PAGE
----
1) Yes, they cut through three fences. "Leaving them open and unsecured" however? Please. The facility was already pretty much incomprehensibly unsecured. Clearly just the quality of the fences themselves was pathetic and merited being a cause for concern.

        2a) I'm guessing "defaced" refers to spray painting peace symbols and splashing blood. Cleaning that up is easy. I've done it (the cleaning part), yes, with both.

        2b) Hammered "upon bunkers?" There are a number of problems here. The Y-12 National Security Complex is immense. "Bunker" is just what the media inappropriately called it. It's not a small warehouse sitting behind three chain link fences. A link at the end of my post includes a picture of the complex. As far as what they hammered on goes, they knocked a chip off a wall when they found they were able to penetrate quite a ways into wherever it was they ended up, I'd guess to leave proof of how far they got after a clean up/repair job removed the evidence. "Hammering" was another media-generated word. They had a hammer or hammers. There's a quite a difference.

        As far as "bunkers full of weapons grade uranium" goes ... what? You make it sound like a bunker is an ice chest packed with uranium. That's doubly clear when you state the "bunkers" they hammered on were "for all they knew" holding "uranium still inside of a functional nuclear warhead." How did you...? I can't conceive of a way someone would even imagine a scenario like that. I'd probably never sleep again if I thought the military were so clueless and careless as to put uranium (let alone h-bombs) in containers small enough to be "hammered" and out in the open to boot.

        So, bunkers are buildings. There are many bunkers (as can be surmised just from the facility's name). I have no doubt that anything radioactive was secured and shielded in vaults of some nature. There was nothing "full of uranium" they could have gotten even remotely close to to hammer on.

        The damage, defacement, repairs don't add up to much. Certainly not the value all Americans (rest of the world as well) got from the discovery that a government facility containing the pinnacle of what terrorists would kill to obtain was as secure as an abandoned gas station in a ghost town.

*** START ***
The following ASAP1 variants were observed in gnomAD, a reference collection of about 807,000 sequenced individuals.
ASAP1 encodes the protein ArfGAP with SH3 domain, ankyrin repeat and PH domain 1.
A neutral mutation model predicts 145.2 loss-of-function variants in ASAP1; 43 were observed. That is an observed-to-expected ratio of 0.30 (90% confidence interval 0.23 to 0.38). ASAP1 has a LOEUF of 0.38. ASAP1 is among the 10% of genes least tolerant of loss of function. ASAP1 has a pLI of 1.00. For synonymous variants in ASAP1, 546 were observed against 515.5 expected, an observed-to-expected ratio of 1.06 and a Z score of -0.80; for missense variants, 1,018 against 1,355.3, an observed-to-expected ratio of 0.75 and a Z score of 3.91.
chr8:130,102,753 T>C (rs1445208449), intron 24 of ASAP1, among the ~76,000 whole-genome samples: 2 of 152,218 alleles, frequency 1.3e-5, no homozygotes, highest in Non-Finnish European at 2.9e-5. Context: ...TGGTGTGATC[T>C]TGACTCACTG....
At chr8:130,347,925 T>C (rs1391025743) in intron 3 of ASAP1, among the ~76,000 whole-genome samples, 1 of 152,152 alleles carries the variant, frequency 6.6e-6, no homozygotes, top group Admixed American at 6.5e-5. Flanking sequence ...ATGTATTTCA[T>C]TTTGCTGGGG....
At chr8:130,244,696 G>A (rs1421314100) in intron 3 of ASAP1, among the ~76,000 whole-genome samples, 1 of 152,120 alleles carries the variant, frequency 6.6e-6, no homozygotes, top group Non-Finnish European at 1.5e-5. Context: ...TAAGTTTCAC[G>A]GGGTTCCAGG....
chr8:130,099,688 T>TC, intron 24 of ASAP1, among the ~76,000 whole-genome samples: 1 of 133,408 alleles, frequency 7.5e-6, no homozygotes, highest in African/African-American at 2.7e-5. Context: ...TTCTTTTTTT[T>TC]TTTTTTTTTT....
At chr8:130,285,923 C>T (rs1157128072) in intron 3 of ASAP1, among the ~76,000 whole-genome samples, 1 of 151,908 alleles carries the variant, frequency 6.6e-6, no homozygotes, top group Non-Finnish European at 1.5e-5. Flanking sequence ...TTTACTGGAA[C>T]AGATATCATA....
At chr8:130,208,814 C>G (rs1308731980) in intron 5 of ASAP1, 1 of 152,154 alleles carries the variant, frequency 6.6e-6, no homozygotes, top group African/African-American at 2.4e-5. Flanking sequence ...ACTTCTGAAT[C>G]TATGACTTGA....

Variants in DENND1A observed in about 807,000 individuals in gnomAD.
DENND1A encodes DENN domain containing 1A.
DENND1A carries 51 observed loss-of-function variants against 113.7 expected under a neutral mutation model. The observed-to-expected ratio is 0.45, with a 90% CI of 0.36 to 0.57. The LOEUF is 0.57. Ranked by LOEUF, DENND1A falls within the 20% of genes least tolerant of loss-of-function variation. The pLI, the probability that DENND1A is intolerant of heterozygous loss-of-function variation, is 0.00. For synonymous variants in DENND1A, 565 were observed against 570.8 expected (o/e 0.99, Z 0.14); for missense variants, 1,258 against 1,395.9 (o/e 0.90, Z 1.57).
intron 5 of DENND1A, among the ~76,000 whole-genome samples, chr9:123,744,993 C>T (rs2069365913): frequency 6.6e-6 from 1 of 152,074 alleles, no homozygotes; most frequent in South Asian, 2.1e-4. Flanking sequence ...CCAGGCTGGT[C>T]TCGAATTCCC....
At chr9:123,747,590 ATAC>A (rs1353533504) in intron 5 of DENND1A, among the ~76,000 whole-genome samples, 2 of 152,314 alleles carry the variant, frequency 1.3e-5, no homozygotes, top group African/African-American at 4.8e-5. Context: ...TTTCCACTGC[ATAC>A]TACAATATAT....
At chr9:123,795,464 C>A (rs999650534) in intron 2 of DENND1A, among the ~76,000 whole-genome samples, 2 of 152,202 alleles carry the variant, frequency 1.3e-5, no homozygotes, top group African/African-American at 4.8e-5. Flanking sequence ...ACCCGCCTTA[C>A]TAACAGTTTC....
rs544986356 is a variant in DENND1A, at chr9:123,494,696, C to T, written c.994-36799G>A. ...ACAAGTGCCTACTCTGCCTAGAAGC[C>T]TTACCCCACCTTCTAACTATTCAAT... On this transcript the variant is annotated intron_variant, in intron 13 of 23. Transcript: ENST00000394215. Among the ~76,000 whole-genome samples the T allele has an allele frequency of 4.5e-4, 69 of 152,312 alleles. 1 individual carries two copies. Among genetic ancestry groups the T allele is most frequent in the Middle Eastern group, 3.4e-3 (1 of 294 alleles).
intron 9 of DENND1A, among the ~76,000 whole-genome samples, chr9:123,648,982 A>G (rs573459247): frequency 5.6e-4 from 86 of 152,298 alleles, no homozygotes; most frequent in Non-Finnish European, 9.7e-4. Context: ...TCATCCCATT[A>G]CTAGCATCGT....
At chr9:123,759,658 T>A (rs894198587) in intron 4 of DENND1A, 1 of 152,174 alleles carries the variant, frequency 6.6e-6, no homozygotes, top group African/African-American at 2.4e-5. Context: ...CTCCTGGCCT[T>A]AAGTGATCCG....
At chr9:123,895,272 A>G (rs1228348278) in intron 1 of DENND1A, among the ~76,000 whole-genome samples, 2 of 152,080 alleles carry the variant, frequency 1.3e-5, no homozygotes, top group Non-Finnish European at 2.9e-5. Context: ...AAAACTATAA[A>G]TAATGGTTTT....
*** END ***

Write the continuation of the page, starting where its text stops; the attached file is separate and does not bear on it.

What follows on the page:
The more you look at the facility and what occurred there the more obvious it is just how incomprehensibly unsecured the complex was. Since 1988 there have been regular peace protests in front of the place. The facility's management knew for over two decades that it was an activist target. It's not worth saying anything more about this.

        That a small group of peace activists alerted our government of this shocking lapse in judgment and security instead of a catastrophic nuclear incident by an al Quaida cell, a Tim McVeigh or Unabomber is a blessing of the highest order. Did they break the law by trespassing? Yes. Did they cause damage that required repair or cleanup? Yes. Should they be tried for those things? Yes, and they were. They have been in prison since July 2012. That's plenty of time. They should have been convicted to uphold the law and allowed to go free with the time already done.

        Making how they were treated even worse, instead of trying them for what they actually did, the court/government decided to label what they did an act of sabotage for the simple reason that that allowed more severe punishment options. They were peace activists, not saboteurs.

        They should be thanked, quite frankly given awards, for the service they did us. Why did I spend the time to write this? Because they made this a safer country. The people who should be tried, fined and jailed in a big way are all those responsible for their appalling failures to manage a facility of this nature properly.

        The rest of your post about Molotov cocktails and the White House ... I'm going to be polite and not say anything about that. (What?)

        I put some time into searching the Web for info about the incident and facility which came from sources more reliable than blogs and little local newspapers: Reuters, CBS, USNews, and so forth. For info about the complex itself, its history, photos, Wikipedia's article was terrific. The article also provides lots and lots of links to relevant articles and documents.

      •  Yes lets review (2+ / 0-)
        Recommended by:
        Gary Owen, olegar

        So hammering on a bunker designed to survive a nearby nuclear detonation = throwing an unlighted Molotov cocktail at a national monument?

        How do you figure that?

        "If Wall Street paid a tax on every “game” they run, we would get enough revenue to run the government on." ~ Will Rogers

        by Lefty Coaster on Thu Feb 20, 2014 at 03:10:55 AM PST

        [ Parent ]

      •  lets review a moment,V2 (1+ / 0-)
        Recommended by:
        Gary Owen

        Well,the difference is that we dont have too many presidents,we do have too much uranium though.
        Uranium storage is becoming a huge problem,one that were leaving to our ancestors